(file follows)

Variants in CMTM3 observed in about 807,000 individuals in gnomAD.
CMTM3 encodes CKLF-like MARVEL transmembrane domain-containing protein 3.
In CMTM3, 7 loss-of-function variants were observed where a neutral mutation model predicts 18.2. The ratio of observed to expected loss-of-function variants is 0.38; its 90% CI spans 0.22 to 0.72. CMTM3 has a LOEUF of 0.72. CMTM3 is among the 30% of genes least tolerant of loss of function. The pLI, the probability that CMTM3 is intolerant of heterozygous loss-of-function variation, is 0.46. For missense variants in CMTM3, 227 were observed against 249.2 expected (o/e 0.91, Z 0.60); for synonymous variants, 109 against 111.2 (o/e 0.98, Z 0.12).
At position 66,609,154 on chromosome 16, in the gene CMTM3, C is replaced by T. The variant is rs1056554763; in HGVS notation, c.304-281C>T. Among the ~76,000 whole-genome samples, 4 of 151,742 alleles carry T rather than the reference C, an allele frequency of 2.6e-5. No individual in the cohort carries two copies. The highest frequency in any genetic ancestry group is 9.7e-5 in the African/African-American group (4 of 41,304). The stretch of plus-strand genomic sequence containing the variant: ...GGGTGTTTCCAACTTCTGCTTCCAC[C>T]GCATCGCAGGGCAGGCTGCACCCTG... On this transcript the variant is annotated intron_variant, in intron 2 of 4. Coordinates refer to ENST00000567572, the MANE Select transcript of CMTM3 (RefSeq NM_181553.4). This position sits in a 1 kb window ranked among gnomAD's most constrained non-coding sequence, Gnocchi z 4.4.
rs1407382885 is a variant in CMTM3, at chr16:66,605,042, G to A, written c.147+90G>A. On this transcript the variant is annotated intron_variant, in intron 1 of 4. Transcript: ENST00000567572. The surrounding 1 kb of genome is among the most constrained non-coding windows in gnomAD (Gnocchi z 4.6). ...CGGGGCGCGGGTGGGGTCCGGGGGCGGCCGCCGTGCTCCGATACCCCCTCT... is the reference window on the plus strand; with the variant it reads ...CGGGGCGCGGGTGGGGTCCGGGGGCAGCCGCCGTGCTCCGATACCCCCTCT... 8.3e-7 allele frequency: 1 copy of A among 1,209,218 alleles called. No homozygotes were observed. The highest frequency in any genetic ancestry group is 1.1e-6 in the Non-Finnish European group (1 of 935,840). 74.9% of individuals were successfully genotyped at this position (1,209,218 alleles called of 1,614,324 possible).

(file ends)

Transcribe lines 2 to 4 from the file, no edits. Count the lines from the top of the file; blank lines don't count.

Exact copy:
CMTM3 encodes CKLF-like MARVEL transmembrane domain-containing protein 3.
In CMTM3, 7 loss-of-function variants were observed where a neutral mutation model predicts 18.2. The ratio of observed to expected loss-of-function variants is 0.38; its 90% CI spans 0.22 to 0.72. CMTM3 has a LOEUF of 0.72. CMTM3 is among the 30% of genes least tolerant of loss of function. The pLI, the probability that CMTM3 is intolerant of heterozygous loss-of-function variation, is 0.46. For missense variants in CMTM3, 227 were observed against 249.2 expected (o/e 0.91, Z 0.60); for synonymous variants, 109 against 111.2 (o/e 0.98, Z 0.12).
At position 66,609,154 on chromosome 16, in the gene CMTM3, C is replaced by T. The variant is rs1056554763; in HGVS notation, c.304-281C>T. Among the ~76,000 whole-genome samples, 4 of 151,742 alleles carry T rather than the reference C, an allele frequency of 2.6e-5. No individual in the cohort carries two copies. The highest frequency in any genetic ancestry group is 9.7e-5 in the African/African-American group (4 of 41,304). The stretch of plus-strand genomic sequence containing the variant: ...GGGTGTTTCCAACTTCTGCTTCCAC[C>T]GCATCGCAGGGCAGGCTGCACCCTG... On this transcript the variant is annotated intron_variant, in intron 2 of 4. Coordinates refer to ENST00000567572, the MANE Select transcript of CMTM3 (RefSeq NM_181553.4). This position sits in a 1 kb window ranked among gnomAD's most constrained non-coding sequence, Gnocchi z 4.4.